At the 2011 GreenBuild, Neri Oxman, director of Mediated Matter at MIT Media Lab and one of the few who made Fast Company’s top 100 creative people list, wants to “introduce a new dimension or sensibility” into materials production. Proposing to turn the design and engineering worlds on their heads, she said we should no longer “design against an objective function, but instead design for multiple functions in one system. It’s about continuity, not repetitive, modular approaches.”
Oxman is focused on how to use design processes to “mediate between matter and the environment.” She said the natural world uses a range of principles, which is why we easily recognize so many forms. Natural objects are the result of some internal logic that generated the form. She thinks this logic can be harnessed to create building, medical, and even furniture innovations, but is still trying to figure out whether this would lead to a more sustainable future.
She used a few examples that demonstrate how nature creates forms that serve multiple functions. A chicken egg, for instance, is nearly impossible to break if squeezed at the vertical ends. This is because it needs to be strong while it’s being warmed. The horizontal edges are soft, though, and easy to crack: This is because the chick will eventually need to break through. This is a smart “material distribution strategy.”
People, in contrast, aren’t that smart when creating their own buildings and cities. “Nature has not designed buildings, habitable environments at mass scale.” (some sociobiologists may disagree with that statement). She said that biologists and architects have been discussing the ideas of architecture and ecology since Darwin released his theory of evolution. In recent years this dialogue has led to biomimetic design, a term she called “over or mis-used,” but is used to explain how to design and build using natural systems. For example, she showed images of a pine cone, and how the structure could be inverted to serve as a new can for Coca-Cola. It would hold more soda and be impossible to crush in transit. Shark skin, with its “micro-dermal teeth” served as a model for a new wall with patches that can respond to its environment. She also explored the idea of “form-finding, or discovering the form that a material wants to take.”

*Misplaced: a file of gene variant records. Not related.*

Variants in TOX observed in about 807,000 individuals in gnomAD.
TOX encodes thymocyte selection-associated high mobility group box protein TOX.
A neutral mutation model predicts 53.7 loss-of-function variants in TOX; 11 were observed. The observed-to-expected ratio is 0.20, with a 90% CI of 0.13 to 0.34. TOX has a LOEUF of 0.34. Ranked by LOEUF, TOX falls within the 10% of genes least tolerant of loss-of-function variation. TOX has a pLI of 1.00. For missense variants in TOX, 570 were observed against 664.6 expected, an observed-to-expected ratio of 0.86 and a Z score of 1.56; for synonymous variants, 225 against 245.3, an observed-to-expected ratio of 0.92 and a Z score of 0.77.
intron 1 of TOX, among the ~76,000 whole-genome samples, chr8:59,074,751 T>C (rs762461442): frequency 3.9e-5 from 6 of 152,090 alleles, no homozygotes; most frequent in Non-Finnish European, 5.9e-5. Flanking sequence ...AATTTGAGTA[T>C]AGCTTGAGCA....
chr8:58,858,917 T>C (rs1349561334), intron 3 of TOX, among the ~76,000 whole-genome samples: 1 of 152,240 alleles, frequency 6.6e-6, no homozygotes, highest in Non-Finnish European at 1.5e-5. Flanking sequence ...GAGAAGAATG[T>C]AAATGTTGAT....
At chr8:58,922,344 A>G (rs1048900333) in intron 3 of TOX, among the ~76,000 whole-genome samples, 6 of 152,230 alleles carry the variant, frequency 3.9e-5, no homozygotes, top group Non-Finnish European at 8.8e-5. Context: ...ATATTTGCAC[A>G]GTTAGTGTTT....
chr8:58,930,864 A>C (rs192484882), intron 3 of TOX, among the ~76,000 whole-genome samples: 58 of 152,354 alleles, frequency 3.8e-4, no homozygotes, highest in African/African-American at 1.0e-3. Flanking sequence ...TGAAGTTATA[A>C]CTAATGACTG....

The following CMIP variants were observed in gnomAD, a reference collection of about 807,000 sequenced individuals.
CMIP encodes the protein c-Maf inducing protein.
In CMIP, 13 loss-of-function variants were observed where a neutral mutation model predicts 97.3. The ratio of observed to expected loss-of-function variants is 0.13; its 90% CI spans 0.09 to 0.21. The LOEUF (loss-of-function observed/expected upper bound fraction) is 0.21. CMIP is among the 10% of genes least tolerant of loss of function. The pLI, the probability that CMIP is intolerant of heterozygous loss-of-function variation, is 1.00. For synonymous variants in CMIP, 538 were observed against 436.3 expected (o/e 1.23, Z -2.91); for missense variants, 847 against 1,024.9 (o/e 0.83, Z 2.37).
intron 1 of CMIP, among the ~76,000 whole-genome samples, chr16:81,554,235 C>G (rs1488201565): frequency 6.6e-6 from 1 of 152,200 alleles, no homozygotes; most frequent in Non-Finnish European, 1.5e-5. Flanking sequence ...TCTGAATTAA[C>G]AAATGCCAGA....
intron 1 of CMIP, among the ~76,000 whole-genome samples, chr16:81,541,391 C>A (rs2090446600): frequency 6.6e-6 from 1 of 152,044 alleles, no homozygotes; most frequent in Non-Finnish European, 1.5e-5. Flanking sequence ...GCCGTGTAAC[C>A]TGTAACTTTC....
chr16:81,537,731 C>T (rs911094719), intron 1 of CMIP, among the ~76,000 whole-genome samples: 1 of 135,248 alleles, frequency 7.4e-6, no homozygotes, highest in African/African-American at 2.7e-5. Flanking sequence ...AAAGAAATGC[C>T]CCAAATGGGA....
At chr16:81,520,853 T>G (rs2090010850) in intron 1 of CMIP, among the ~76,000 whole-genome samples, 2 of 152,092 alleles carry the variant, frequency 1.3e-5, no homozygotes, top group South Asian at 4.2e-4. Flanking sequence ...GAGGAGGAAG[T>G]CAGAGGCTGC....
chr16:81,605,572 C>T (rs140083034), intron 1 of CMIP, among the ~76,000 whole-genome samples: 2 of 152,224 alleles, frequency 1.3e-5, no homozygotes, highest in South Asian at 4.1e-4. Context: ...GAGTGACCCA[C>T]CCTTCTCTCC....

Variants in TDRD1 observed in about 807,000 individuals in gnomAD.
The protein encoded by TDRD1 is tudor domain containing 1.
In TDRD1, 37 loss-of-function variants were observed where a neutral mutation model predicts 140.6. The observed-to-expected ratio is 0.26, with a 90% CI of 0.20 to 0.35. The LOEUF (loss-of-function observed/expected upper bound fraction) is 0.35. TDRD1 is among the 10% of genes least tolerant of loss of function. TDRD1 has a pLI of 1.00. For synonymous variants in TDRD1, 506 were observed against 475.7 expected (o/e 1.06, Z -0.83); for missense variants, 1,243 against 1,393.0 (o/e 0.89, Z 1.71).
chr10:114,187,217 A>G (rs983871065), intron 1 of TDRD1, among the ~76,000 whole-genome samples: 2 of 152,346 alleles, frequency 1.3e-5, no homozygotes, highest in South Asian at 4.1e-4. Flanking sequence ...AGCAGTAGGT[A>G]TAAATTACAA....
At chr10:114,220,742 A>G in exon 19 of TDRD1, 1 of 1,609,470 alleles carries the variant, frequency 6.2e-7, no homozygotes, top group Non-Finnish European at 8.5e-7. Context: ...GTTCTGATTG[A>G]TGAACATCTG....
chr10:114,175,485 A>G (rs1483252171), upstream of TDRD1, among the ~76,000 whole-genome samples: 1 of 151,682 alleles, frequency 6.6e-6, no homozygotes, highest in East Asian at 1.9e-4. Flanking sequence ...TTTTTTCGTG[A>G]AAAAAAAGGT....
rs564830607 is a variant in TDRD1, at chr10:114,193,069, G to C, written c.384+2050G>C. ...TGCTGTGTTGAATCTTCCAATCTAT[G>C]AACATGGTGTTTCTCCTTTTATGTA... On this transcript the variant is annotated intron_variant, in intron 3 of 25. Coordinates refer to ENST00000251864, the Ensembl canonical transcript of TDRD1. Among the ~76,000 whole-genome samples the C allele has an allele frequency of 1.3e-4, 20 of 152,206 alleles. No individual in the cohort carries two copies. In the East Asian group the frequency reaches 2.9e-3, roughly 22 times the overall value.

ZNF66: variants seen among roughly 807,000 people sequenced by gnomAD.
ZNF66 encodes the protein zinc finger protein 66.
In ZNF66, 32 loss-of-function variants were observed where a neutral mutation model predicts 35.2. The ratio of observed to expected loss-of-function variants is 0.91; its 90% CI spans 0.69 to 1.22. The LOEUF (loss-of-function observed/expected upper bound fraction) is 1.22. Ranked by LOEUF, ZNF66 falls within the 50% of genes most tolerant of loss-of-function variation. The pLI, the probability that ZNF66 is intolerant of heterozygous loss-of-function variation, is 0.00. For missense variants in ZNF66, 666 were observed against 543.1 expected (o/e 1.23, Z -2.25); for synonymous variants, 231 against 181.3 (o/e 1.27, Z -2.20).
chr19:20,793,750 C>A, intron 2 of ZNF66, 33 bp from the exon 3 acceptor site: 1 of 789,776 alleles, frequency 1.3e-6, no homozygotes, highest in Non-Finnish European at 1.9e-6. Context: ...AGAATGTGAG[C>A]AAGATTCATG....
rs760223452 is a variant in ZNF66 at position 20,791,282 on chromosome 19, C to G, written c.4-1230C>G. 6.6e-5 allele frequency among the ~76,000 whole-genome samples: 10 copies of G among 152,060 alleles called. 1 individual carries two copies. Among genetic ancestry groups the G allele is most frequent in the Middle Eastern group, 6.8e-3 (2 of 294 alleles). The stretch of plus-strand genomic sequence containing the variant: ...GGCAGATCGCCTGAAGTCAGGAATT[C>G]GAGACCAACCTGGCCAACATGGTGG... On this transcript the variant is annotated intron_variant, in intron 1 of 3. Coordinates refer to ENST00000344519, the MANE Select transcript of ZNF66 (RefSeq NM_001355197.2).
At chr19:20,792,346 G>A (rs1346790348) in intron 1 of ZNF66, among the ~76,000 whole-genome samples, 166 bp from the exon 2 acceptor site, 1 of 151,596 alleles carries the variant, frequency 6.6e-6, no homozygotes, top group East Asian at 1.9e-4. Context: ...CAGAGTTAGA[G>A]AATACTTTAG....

Within the architecture profession, she said there was a divide between the “formalists” and the sustainable designers. Formalists are primarily focused on, well, form, while sustainable designers are interested in following criteria, which usually leads to “new glass boxes that are more and more efficient.”
Also, since Mies Van Der Rohe first offered a design for a skyscraper in Chicago, the idea has been to create a form and then apply material. (However, some architects would disagree and say his skyscraper wasn’t possible without one material: steel). She said this skyscraper shows a process that hasn’t really changed for a hundred years: model, analyze, and then fabricate. In contrast, in nature, the modeler, analyzer, and fabricator are combined in one. A leg bone in a pregnant woman expands and grows denser as she puts on more weight, responding to signals from the body. Tree fibers change form depending on how much structural load is required to hold up a plant. “From trunk to leaf, it’s the same material.”
Some examples from her studio show her using natural logic to digitially fabricate forms that can serve multiple material functions. A chaise lounge is made up of just one silicon-like material broken into two types – soft and hard. Using the body to determine where the structural load would be greatest, she created a Zaha Hadid-like undulating form. “It varies its properties – it’s stiff and soft where it needs to be.” For the medical world, she said eastern medicine celebrates “continuity,” while western medicine separates everything into body zones. Using an eastern approach, she asked people suffering from carpal tunnel syndrome to create their own “pain map,” which she uses to generate a material, again, with hard and soft zones to provide both structural support and flexibility. In the realm of buildings, she wondered why concrete columns are solid all the way through, wasting materials, when they can be like bones or palm tree trunks, which are denser at the base and more hollow at the top. “We can relate to loading patterns instead of forms or ornamentation.”
Some future predictions: In 10 years, Oxman sees materials as “the new software,” and integrated into everything we do. The circuit board will be obsolete. The material itself will be smart. Materials will know how to change for its distributions. For example, buildings could have breathing skins that help modulate the interior temperature. By 2100, there will be “biofabrication and construction.” Then, one thousand years in the future, there will be “CAM-DNA.” In this example, a chair would be created out of DNA material and would grow with humans over their lifetime. Materials would think, respond, and compute things themselves. When hearing all of this, one professor at Harvard told her that the ideas were great, but the cost would be out-of control high.